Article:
Myosseous-cutaneous flaps were used for mandibular reconstruction in 16 irradiated patients. Three of six sternomastoid-clavicle flaps failed (all in conjunction with a neck dissection), as did one of 10 pectoralis major-anterior-fifth rib flaps. One trapezius-scapular flap was used and it succeeded. We found the blood supply of the sternomastoid-clavicle flap too tenuous for use in conjunction with a neck dissection. The trapezius-scapular flap had too short an arc of rotation to be used for defects other than those in the horizontal ramus. In addition, this flap required a change of position and created an undesirable functional deformity. The pectoralis major-fifth rib flap, in contrast, could be used for a variety of defects, in conjunction with a neck dissection, and did not require a change of position during operation. We found it to be the most versatile and dependable of the flaps employed in this series.

  11. Clinical applications of free soleus and peroneal perforator flaps.

    PubMed

    Kawamura, Kenji; Yajima, Hiroshi; Kobata, Yasunori; Shigematsu, Koji; Takakura, Yoshinori

    2005-01-01

    Clinical applications of two free lateral leg perforator flaps are described: a free soleus perforator flap that is based on the musculocutaneous perforator vessels from one of the three main arteries in the proximal lateral lower leg, and a free peroneal perforator flap that is based on the septocutaneous or direct skin perforator vessels from the peroneal artery in the distal and middle thirds of the lateral lower leg. The authors applied free soleus perforator flaps to 18 patients and free peroneal perforator flaps to five patients with soft-tissue defects. The recipient site was the great toe in 14 patients, the hand and fingers in five patients, the leg in two patients, and the upper arm and the jaw in one patient each. The largest soleus perforator flap was 15 x 9 cm, and the largest peroneal perforator flap was 9 x 4 cm. Vascular pedicle lengths ranged from 6.5 to 10 cm in soleus perforator flaps and from 4 to 6 cm in peroneal perforator flaps. All flaps, except for the flap in one patient in the peroneal perforator flap series, survived completely. Advantages of these flaps are that there is no need to sacrifice any main artery in the lower leg, and there is minimal morbidity at the donor site. For patients with a small to medium soft-tissue defect, these free perforator flaps are useful. PMID:15622240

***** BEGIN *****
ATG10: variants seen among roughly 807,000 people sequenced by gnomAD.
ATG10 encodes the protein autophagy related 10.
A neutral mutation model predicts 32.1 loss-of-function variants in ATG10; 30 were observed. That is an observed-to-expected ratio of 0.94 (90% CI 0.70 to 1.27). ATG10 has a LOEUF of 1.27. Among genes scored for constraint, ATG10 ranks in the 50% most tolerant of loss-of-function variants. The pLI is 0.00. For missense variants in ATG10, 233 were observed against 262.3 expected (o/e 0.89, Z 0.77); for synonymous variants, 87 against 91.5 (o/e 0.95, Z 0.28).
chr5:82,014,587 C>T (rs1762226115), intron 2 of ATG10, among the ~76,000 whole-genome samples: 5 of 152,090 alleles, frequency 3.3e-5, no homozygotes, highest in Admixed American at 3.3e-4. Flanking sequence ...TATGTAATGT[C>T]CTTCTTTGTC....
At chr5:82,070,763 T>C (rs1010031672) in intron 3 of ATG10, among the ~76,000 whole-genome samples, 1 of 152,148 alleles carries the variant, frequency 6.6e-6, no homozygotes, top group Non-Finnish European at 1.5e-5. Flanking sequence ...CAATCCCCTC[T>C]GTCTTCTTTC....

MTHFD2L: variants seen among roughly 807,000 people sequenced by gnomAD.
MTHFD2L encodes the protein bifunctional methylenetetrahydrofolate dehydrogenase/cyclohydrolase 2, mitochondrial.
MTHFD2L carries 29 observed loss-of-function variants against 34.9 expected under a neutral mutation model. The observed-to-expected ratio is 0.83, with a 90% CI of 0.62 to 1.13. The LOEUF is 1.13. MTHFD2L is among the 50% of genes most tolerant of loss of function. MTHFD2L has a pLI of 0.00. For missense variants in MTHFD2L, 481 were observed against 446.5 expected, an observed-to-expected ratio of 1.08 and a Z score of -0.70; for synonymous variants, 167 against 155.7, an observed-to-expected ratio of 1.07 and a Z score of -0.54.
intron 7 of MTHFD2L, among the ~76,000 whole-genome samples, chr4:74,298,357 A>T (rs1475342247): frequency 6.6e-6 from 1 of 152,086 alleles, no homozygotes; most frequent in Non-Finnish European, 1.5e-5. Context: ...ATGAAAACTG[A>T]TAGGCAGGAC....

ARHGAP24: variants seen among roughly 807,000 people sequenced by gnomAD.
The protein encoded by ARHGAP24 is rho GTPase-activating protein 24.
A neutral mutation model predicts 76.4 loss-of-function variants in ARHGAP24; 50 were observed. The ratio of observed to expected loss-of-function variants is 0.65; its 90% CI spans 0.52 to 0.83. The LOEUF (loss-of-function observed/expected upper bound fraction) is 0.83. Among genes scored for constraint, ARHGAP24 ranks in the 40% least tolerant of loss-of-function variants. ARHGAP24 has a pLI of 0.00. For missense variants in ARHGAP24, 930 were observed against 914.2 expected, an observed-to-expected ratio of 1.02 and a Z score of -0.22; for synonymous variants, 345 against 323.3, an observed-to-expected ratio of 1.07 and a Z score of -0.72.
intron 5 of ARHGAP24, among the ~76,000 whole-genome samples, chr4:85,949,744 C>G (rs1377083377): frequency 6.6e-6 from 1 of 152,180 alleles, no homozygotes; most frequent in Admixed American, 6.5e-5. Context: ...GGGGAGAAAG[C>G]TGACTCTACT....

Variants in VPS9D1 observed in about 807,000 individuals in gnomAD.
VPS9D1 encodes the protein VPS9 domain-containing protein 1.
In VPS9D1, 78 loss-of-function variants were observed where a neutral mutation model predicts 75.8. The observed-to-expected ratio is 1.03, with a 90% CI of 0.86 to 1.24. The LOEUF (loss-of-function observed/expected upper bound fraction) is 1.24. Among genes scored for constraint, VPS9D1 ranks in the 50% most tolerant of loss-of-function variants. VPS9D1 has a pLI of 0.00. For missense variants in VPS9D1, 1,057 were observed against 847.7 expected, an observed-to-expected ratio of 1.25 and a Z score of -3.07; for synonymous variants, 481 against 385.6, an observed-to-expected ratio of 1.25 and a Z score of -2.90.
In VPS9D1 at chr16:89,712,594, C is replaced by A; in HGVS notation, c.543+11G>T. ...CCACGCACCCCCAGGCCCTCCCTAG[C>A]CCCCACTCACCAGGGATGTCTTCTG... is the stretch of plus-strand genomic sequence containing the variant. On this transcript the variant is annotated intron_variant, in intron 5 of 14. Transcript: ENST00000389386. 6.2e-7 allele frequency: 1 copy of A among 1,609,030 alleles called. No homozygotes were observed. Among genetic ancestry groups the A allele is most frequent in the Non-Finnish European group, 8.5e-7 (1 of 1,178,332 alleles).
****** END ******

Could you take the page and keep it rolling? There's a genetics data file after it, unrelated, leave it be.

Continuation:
12. Jet and wing/flap interaction noise

    NASA Astrophysics Data System (ADS)

    Brown, W. H.; Ahuja, K. K.

    1984-10-01

    A detailed experimental study, using a model-scale jet and wing/flap configuration to represent an under-the-wing engine installation for a conventional take-off and landing aircraft, was carried out in the Lockheed anechoic wind tunnel. The objective was to determine the dependence of far-field noise on the important flow and geometric parameters. In particular, for a range of jet exit velocities and forward speeds, the experiments were designed to study the variation of noise as a function of: (1) longitudinal and transverse location of the jet exit with respect to the wing, (2) flap angle, (3) angle of attack, and (4) spanwise gap between flap segments. It is shown that the effects of those variables on far-field noise are most evident in the mid-frequency range but sometimes are seen outside that range. The mid-frequency hump is attributed primarily to interaction between the jet and the flap. Other noise contributions (over the jet alone case) are attributed to jet noise amplification at all frequencies by the sound generated in the jet/flap interaction and to the reflection of jet noise from the wing and flap surfaces.

  13. Proximal urethral reconstruction using a distally based ventral bladder tube flap. An experimental study.

    PubMed

    Fowler, J D; Holmberg, D L

    1987-01-01